Sarah-Jane Silvester meets the man behind York’s Life Casting Exhibition
It was a surreal experience being sat in a kitchen with a friend, both wrapped in plastic bags, having a sloppy yoghurt like substance spooned onto our nipples for the sake of ‘art’. Not something I profess to do everyday I might add. But life casting is just that. It is not a glamorous process. Just messy, and very, very cold.
Brandishing the spoon was York PhD student Tobi (who wishes to conceal his family name for fears that his art may have negative reactions from employers in the future). His house bears witness to the extent to which casting is a part of his life. Components of pieces set to be exhibited shortly in a student exhibition in Langwith College are scattered everywhere. Hands and faces balance on shelves and torsos are leant against radiators. And nipples. Rows upon rows of nipples.
The nipples will be used in probably his most controversial piece entitled “We Feed The World”. The piece plays upon our dual perception of the female nipple as both sexual object and organic object that provides man his first source of energy. 100 stark white female nipples are set in a jet black 10×10 matrix. Tobi says, “It is supposed to look rather offensive from a distance but I want to get people to think a bit further about the ‘double moral’ that exists in our society. Breasts are a part of our natural system of raising young, yet they are such a taboo. Nowadays a woman is even looked down upon if she breastfeeds in public!”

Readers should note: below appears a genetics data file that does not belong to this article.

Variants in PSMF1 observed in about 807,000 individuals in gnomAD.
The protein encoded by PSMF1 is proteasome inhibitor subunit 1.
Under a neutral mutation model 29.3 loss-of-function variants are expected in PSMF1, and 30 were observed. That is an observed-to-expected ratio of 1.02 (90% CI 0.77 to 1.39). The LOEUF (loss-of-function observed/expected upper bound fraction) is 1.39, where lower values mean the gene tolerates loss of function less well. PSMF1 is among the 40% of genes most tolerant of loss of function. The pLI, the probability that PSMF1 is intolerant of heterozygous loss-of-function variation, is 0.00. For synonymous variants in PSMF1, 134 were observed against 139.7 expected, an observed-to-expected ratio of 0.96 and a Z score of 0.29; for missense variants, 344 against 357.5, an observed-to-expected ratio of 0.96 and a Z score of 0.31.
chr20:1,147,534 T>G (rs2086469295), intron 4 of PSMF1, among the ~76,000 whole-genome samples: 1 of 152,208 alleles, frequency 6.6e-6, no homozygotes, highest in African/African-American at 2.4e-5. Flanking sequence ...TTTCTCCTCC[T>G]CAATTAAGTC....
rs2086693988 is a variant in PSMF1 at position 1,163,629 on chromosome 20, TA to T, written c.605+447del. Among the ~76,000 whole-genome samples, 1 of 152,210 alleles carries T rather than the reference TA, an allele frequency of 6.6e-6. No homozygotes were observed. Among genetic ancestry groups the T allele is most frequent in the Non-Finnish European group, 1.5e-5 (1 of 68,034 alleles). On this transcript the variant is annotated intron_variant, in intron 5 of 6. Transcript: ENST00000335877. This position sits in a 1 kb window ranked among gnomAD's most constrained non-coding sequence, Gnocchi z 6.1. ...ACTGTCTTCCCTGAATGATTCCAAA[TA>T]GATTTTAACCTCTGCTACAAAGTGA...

Tobi says, “I am showing people as they are; the casts are like a frozen moment of time; a 3D snapshot. You can pull a cast out of your cupboard 20 years later and say, “yeah that was me 20 years ago.” Tobi explained to us how the casting process works: “I begin by making a negative mould of the model by building up a shell of moulding material which when removed creates an inverted structure. Later this mould can be filled with plaster/chocolate/wax etc. and when that sets you are left with a positive which is an exact copy of the model. The surface can then be altered to the desired effect, smoothed or coloured or given a stone effect.”
Seeing himself as part artist, part craftsman, Tobi readily admits that his artwork does not require as much artistic skill as other art forms such as sculpture who create a lifelike form from a solid block of stone. He sees his role as artist as showcasing nature’s art, saying, “I see casting as showing nature as it is, a bit like photography, capturing the natural beauty.” For Tobi casting is his relaxation after a busy day studying. He calls his work his “mental relief” saying, “after working towards my PhD in front of a computer all day long, often with little visible progress, it is so refreshing being able to hold something I have made in my hands. Some people do gardening – I do life casting!”
Despite casting being primarily a hobby Tobi is more than happy to take commissions for both males and females and should be contacted at [email protected] Tobi’s work is part of the student run exhibition currently displayed in the Norman Rae Gallery in Langwith College. Entry is free to all and the gallery is open 9am-8pm on weekdays.